SI 413 Fall 2023 / Other Stuff

This is the archived website of SI 413 from the Fall 2023 semester. Feel free to browse around; you may also find more recent offerings at my teaching page.


Written Homeworks

Written homeworks in this class are provided primarily as an opportunity to get things wrong, to reinforce topics in lectures and the readings, and as a template for what to expect on exams. They will be marked according to the following simple rubric:

  • 5: Solution is completely correct, concisely presented, and neatly written.
  • 4: The solution is mostly correct, but one or two minor details were missed, or the presentation could be more concise.
  • 3: The main idea is correct, but there are some significant mistakes. The presentation is somewhat sloppy or confused.
  • 2: A complete effort was made, but the result is mostly incorrect. There may be some basic misunderstandings of the topic or the problem.
  • 1: The beginning of an attempt was made, but the work is clearly incomplete.
  • 0: Not submitted

Coding Style

Your coding style will be judged in three categories: readability, documentation, and organization. The purpose is to get in the habit of producing high-quality, understandable, maintainable programs. Keep in mind that there are many audiences for the code you write: the compiler or interpreter, programmers familiar with your code (including yourself in the future), and programmers unfamiliar with your code (including your instructor).

We usually focus on getting correct code, treating on the compiler or interpreter as the primary audience. This may be reasonable, but remember that source code will also be reviewed by humans — including yourself in a week or a month or a year from now. Following the guidelines below will help make sure that the human readers and maintainers of your code are well-informed and happy.


  • 5: Code is sensibly, cleanly, and consistently formatted. Vertical whitespace and comment lines are used to separate significant components of code, and proper indentation is used consistent with the standards of the language. This indentation renders properly with standard 8-space tabs, and no lines exceed 80 characters in width.
  • 4: Code is mostly readable but there are a few inconsistencies or "broken rules".
  • 3: Lack of vertical whitespace, inconsistent indentation, or improper formatting make the code difficult to read at times.
  • 2: Significant sections of code have little or no helpful whitespace, or do not follow any standard formatting conventions.
  • 1: No attempt at readability. It seems almost as if the author is intentionally trying to obfuscate their code.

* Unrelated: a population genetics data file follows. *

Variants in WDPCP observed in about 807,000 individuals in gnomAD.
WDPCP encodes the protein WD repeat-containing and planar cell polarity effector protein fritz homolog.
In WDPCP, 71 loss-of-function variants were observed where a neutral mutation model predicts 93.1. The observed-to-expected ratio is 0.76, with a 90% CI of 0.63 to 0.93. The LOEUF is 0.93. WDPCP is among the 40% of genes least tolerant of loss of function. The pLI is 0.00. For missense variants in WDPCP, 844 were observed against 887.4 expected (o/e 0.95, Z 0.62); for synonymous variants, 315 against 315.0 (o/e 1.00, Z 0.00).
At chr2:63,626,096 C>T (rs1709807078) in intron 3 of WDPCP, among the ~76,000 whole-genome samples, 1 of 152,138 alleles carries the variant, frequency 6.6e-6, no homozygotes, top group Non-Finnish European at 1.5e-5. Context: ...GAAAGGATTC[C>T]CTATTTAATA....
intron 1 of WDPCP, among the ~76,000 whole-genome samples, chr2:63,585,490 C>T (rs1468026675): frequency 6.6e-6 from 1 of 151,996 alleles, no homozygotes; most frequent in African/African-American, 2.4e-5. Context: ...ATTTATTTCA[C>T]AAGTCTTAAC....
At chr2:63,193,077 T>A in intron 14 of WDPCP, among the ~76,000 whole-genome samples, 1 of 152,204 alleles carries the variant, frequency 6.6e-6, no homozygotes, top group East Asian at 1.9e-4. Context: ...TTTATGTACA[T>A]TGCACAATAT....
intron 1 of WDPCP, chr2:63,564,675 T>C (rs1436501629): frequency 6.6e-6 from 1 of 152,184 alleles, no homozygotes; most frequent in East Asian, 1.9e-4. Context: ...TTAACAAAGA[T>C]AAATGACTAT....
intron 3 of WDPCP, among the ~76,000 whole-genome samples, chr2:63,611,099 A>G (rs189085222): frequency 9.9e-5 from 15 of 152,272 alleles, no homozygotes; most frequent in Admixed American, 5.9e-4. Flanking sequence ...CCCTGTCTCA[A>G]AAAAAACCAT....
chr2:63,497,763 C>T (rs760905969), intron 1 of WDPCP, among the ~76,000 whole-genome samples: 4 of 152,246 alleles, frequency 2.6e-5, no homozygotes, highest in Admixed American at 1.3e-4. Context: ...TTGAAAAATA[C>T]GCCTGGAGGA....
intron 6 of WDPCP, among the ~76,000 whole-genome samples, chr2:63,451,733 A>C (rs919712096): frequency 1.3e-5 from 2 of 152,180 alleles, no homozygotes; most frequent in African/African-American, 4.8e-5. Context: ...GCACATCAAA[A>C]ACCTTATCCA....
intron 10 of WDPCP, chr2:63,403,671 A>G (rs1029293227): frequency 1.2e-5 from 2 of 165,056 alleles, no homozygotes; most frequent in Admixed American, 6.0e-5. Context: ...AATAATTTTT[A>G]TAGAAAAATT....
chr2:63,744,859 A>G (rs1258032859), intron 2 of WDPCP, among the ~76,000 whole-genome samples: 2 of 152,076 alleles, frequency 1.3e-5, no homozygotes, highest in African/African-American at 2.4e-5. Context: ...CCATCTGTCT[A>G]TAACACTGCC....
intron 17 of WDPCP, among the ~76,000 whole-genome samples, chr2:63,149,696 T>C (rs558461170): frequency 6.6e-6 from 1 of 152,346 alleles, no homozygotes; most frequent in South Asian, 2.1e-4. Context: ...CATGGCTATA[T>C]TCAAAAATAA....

• 0: Nothing submitted.


  • 5: Authors' names and purpose of file are summarized at the top of the file. Sensible names are chosen for all variables, functions, classes, and so on, consistent with naming conventions for the language (such as capitalizing ClassNames in Java or ending Scheme predicates? with a question mark). When not obvious from the names, the role of each function, method, and class is stated alongside the definition. Extra comments are included to explain especially tricky or involved sections of code.
  • 4: Documentation includes all required elements, but some details or explanations make parts of the code difficult to follow. Some names may be chosen poorly.
  • 3: A few functions or classes lack sufficient documentation. Names do not always follow conventions or convey meaning to aid in understanding. Some tricky sections of code are not explained.
  • 2: Most required documentation is missing or lacking in quality.
  • 1: Almost no documentation in comments, and most names do not help in understanding the code.
  • 0: Nothing submitted.


  • 5: Appropriate control structures (functions, classes, recursion, loops, etc.) are used as appropriate to the language and the style of coding. Code is written in a modular fashion, without unnecessary inter-dependencies. Control structures are used to eliminate lengthy copied or nearly-identical sections of code. When possible and appropriate, standard libraries are utilized to avoid "reinventing the wheel".
  • 4: Overall code organization is adequate, but some sections of code are repeated, or some beneficial uses of control structures are missed.
  • 3: Some control structures are under-used or used inappropriately. Some dangerous, deprecated, or ill-advised features such as global variables or go-to statements may be used without good cause.
  • 2: Significant sections of code are poorly organized. Basic principles such as information hiding, loose coupling, and modularity are mostly ignored.
  • 1: Little evidence of organization present. Significant sections of code may be copied or unreachable. Useful and obvious language features appropriate to the task are ignored, and dangerous features are over-used.
  • 0: Nothing submitted.

Oral Presentations

For the oral presentations in Part III of your project, we will follow the CS department's standard rubric.